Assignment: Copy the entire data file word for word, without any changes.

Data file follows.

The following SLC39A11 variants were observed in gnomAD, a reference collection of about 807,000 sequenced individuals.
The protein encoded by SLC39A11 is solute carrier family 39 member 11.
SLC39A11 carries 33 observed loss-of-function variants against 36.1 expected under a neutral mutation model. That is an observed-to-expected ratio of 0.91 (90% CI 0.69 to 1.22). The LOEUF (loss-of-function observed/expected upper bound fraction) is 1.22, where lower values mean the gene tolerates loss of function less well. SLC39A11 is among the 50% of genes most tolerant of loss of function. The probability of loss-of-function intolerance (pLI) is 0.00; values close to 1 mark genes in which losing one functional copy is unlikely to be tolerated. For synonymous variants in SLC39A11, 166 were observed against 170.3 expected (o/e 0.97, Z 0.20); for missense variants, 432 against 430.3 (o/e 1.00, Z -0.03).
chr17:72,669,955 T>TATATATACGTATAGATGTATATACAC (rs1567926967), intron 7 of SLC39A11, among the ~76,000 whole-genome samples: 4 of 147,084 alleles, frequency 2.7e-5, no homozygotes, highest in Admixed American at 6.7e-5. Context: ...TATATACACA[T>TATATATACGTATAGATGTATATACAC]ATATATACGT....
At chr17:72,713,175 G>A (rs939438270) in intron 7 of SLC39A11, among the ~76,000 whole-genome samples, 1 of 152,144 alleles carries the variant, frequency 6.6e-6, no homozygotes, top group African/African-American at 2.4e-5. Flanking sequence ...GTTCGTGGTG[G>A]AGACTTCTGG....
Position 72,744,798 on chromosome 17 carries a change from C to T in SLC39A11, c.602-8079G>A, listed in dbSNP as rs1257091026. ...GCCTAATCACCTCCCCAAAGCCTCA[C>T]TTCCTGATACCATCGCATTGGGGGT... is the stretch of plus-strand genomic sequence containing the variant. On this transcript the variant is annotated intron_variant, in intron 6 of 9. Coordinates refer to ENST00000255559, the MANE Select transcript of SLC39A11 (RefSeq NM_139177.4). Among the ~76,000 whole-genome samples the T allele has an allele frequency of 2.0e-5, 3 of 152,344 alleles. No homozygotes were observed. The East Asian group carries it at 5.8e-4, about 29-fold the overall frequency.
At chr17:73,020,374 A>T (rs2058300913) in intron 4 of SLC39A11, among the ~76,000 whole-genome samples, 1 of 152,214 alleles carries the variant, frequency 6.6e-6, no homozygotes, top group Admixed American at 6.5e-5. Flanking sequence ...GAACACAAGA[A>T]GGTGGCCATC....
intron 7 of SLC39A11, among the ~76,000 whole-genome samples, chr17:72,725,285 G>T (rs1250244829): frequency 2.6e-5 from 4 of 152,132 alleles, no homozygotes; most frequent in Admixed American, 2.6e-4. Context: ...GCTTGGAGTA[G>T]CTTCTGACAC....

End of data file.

The following SLC39A11 variants were observed in gnomAD, a reference collection of about 807,000 sequenced individuals.
The protein encoded by SLC39A11 is solute carrier family 39 member 11.
SLC39A11 carries 33 observed loss-of-function variants against 36.1 expected under a neutral mutation model. That is an observed-to-expected ratio of 0.91 (90% CI 0.69 to 1.22). The LOEUF (loss-of-function observed/expected upper bound fraction) is 1.22, where lower values mean the gene tolerates loss of function less well. SLC39A11 is among the 50% of genes most tolerant of loss of function. The probability of loss-of-function intolerance (pLI) is 0.00; values close to 1 mark genes in which losing one functional copy is unlikely to be tolerated. For synonymous variants in SLC39A11, 166 were observed against 170.3 expected (o/e 0.97, Z 0.20); for missense variants, 432 against 430.3 (o/e 1.00, Z -0.03).
chr17:72,669,955 T>TATATATACGTATAGATGTATATACAC (rs1567926967), intron 7 of SLC39A11, among the ~76,000 whole-genome samples: 4 of 147,084 alleles, frequency 2.7e-5, no homozygotes, highest in Admixed American at 6.7e-5. Context: ...TATATACACA[T>TATATATACGTATAGATGTATATACAC]ATATATACGT....
At chr17:72,713,175 G>A (rs939438270) in intron 7 of SLC39A11, among the ~76,000 whole-genome samples, 1 of 152,144 alleles carries the variant, frequency 6.6e-6, no homozygotes, top group African/African-American at 2.4e-5. Flanking sequence ...GTTCGTGGTG[G>A]AGACTTCTGG....
Position 72,744,798 on chromosome 17 carries a change from C to T in SLC39A11, c.602-8079G>A, listed in dbSNP as rs1257091026. ...GCCTAATCACCTCCCCAAAGCCTCA[C>T]TTCCTGATACCATCGCATTGGGGGT... is the stretch of plus-strand genomic sequence containing the variant. On this transcript the variant is annotated intron_variant, in intron 6 of 9. Coordinates refer to ENST00000255559, the MANE Select transcript of SLC39A11 (RefSeq NM_139177.4). Among the ~76,000 whole-genome samples the T allele has an allele frequency of 2.0e-5, 3 of 152,344 alleles. No homozygotes were observed. The East Asian group carries it at 5.8e-4, about 29-fold the overall frequency.
At chr17:73,020,374 A>T (rs2058300913) in intron 4 of SLC39A11, among the ~76,000 whole-genome samples, 1 of 152,214 alleles carries the variant, frequency 6.6e-6, no homozygotes, top group Admixed American at 6.5e-5. Flanking sequence ...GAACACAAGA[A>T]GGTGGCCATC....
intron 7 of SLC39A11, among the ~76,000 whole-genome samples, chr17:72,725,285 G>T (rs1250244829): frequency 2.6e-5 from 4 of 152,132 alleles, no homozygotes; most frequent in Admixed American, 2.6e-4. Context: ...GCTTGGAGTA[G>T]CTTCTGACAC....